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Flying Whale Takes Storytelling to the Next Level

Did you know storytelling is perhaps the oldest and most universal form of communication, but storytelling technology hasn’t changed fundamentally for over a century? Researchers at Intel Labs believe we’re on the verge of a storytelling revolution, with disruptive technologies that blur the lines between digital and physical worlds.

Who: A few thousand techies. When: January 2014. Where: Large Las Vegas trade show. What: 1,000-foot whale flies into a hotel ballroom.  
This scene played out at Intel CEO Brian Krzanich’s keynote address at the Consumer Electronics Show (CES), when a larger-than-life whale named Leviathan went from 2-D to 3-D, swam out of a movie screen, and hovered over the amazed crowd.

Based on Scott Westerfeld’s steampunk novel of the same name, Leviathan was the result of a collaboration between Intel Labs and the USC School of Cinematic Arts World Building Media Lab. The demo was designed to offer a glimpse of the not-so-distant future of storytelling, where we will enter virtual worlds and interact with fantastical characters.

Tawny Schlieski, Intel Labs research scientist, explains, “Intel is exploring this new storytelling platform with tools that will enable people to move and play naturally inside built virtual worlds.” She compares the current stage of storytelling research to the dawn of motion pictures in the 1870s. “In the beginning, scientists like Eadweard Muybridge were setting up a dozen cameras in a row, taking pictures of horses as they ran, and then putting those pictures together to make moving pictures. It was hard to imagine just based on those experiments the radical shift in communication that would eventually occur when motion picture technology was put in the hands of storytellers.”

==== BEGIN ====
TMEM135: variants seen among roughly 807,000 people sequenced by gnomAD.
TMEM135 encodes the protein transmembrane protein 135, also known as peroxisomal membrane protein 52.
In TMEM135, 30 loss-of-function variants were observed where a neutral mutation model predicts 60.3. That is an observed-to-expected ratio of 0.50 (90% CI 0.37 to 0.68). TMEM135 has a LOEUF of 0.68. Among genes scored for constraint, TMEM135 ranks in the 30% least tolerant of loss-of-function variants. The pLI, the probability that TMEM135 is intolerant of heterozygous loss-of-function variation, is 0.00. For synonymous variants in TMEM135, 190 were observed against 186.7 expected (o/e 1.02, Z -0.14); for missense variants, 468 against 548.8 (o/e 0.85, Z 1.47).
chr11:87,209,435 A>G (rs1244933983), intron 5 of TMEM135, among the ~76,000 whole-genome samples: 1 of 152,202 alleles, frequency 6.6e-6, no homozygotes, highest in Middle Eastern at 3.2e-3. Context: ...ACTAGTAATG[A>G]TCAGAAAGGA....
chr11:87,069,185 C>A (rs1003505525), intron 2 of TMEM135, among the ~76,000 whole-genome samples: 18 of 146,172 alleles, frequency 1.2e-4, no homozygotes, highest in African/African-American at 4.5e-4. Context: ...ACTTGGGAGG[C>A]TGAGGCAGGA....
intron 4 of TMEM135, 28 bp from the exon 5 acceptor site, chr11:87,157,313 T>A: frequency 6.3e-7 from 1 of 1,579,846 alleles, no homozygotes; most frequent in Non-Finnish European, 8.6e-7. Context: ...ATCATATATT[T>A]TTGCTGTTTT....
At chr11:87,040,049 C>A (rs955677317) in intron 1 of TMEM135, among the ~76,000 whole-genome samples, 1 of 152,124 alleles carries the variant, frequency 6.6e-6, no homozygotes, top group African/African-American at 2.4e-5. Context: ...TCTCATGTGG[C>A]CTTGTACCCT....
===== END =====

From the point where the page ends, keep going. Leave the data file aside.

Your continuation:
What’s coming next is so unlike existing forms of storytelling that it’s hard to conceptualize, but it will involve lots of processing power, multiple layers of software, and perceptual computing and augmented reality technologies. Unlike film, where you view the action through the lens of the director’s camera, you will enter a virtual world and create your own action. Unlike attending live theater, you’ll become part of the cast of characters. And unlike reading a novel, you could help determine the plot.

How might it play out? Perhaps you’ll go to a theater and assume the role of a genetically engineered jellyfish in your own version of Leviathan. Or maybe—within the confines of your living room walls—you’ll travel to ancient Rome for a meet-up with Julius Caesar. Whatever forms these storytelling technologies take, their impact on how we play and learn will be behemoth.

Intel Labs

Intel Labs

Intel Labs develops technological innovations today for a better tomorrow in enterprise, consumer, and academics.

Intel® RealSense™ Technology

Using common senses

Intel® RealSense™ technology takes perceptual computing to the next level by understanding sensory input and movement-supported platforms.

USC Cinematic Arts

2014 Future Voice Award

Intel’s Leviathan collaborator, the USC School of Cinematic Arts World Building Media Lab, won the Interaction Design Association’s 2014 Future Voice Award.